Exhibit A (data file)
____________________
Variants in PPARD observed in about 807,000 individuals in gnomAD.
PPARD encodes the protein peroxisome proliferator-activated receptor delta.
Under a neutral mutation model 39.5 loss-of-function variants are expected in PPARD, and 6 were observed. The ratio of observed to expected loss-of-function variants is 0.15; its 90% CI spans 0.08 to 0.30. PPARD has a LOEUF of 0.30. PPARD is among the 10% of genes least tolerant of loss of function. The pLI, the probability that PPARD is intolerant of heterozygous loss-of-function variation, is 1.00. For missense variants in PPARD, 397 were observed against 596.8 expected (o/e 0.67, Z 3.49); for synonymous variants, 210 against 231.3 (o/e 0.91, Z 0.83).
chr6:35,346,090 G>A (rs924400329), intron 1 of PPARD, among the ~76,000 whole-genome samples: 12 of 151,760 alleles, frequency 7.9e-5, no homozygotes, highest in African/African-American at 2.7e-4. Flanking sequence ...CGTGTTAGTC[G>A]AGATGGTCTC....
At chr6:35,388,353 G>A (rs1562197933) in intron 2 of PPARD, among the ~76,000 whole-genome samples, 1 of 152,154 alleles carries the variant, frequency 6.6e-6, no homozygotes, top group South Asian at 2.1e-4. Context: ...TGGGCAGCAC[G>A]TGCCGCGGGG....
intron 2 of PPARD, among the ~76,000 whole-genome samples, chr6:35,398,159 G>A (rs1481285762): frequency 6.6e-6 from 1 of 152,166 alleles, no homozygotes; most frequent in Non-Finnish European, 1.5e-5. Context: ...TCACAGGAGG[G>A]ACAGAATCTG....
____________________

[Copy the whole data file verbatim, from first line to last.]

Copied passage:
Variants in PPARD observed in about 807,000 individuals in gnomAD.
PPARD encodes the protein peroxisome proliferator-activated receptor delta.
Under a neutral mutation model 39.5 loss-of-function variants are expected in PPARD, and 6 were observed. The ratio of observed to expected loss-of-function variants is 0.15; its 90% CI spans 0.08 to 0.30. PPARD has a LOEUF of 0.30. PPARD is among the 10% of genes least tolerant of loss of function. The pLI, the probability that PPARD is intolerant of heterozygous loss-of-function variation, is 1.00. For missense variants in PPARD, 397 were observed against 596.8 expected (o/e 0.67, Z 3.49); for synonymous variants, 210 against 231.3 (o/e 0.91, Z 0.83).
chr6:35,346,090 G>A (rs924400329), intron 1 of PPARD, among the ~76,000 whole-genome samples: 12 of 151,760 alleles, frequency 7.9e-5, no homozygotes, highest in African/African-American at 2.7e-4. Flanking sequence ...CGTGTTAGTC[G>A]AGATGGTCTC....
At chr6:35,388,353 G>A (rs1562197933) in intron 2 of PPARD, among the ~76,000 whole-genome samples, 1 of 152,154 alleles carries the variant, frequency 6.6e-6, no homozygotes, top group South Asian at 2.1e-4. Context: ...TGGGCAGCAC[G>A]TGCCGCGGGG....
intron 2 of PPARD, among the ~76,000 whole-genome samples, chr6:35,398,159 G>A (rs1481285762): frequency 6.6e-6 from 1 of 152,166 alleles, no homozygotes; most frequent in Non-Finnish European, 1.5e-5. Context: ...TCACAGGAGG[G>A]ACAGAATCTG....